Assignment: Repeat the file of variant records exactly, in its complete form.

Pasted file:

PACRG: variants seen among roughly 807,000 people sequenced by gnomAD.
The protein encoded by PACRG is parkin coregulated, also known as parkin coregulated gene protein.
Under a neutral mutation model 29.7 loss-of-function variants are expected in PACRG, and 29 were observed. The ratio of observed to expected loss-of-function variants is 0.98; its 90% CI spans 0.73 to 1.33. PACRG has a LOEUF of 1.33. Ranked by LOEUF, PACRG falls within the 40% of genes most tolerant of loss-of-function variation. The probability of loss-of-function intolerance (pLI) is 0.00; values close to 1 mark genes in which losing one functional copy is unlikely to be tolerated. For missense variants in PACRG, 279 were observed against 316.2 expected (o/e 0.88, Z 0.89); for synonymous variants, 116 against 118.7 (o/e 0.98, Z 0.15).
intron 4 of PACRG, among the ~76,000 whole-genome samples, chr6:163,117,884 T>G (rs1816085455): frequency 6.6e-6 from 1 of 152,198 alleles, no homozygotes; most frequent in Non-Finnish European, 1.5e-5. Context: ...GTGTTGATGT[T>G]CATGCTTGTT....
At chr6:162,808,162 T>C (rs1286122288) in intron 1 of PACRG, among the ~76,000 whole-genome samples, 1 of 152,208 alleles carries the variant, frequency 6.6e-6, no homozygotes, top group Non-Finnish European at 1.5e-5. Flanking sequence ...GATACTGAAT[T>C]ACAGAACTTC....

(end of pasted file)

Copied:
PACRG: variants seen among roughly 807,000 people sequenced by gnomAD.
The protein encoded by PACRG is parkin coregulated, also known as parkin coregulated gene protein.
Under a neutral mutation model 29.7 loss-of-function variants are expected in PACRG, and 29 were observed. The ratio of observed to expected loss-of-function variants is 0.98; its 90% CI spans 0.73 to 1.33. PACRG has a LOEUF of 1.33. Ranked by LOEUF, PACRG falls within the 40% of genes most tolerant of loss-of-function variation. The probability of loss-of-function intolerance (pLI) is 0.00; values close to 1 mark genes in which losing one functional copy is unlikely to be tolerated. For missense variants in PACRG, 279 were observed against 316.2 expected (o/e 0.88, Z 0.89); for synonymous variants, 116 against 118.7 (o/e 0.98, Z 0.15).
intron 4 of PACRG, among the ~76,000 whole-genome samples, chr6:163,117,884 T>G (rs1816085455): frequency 6.6e-6 from 1 of 152,198 alleles, no homozygotes; most frequent in Non-Finnish European, 1.5e-5. Context: ...GTGTTGATGT[T>G]CATGCTTGTT....
At chr6:162,808,162 T>C (rs1286122288) in intron 1 of PACRG, among the ~76,000 whole-genome samples, 1 of 152,208 alleles carries the variant, frequency 6.6e-6, no homozygotes, top group Non-Finnish European at 1.5e-5. Flanking sequence ...GATACTGAAT[T>C]ACAGAACTTC....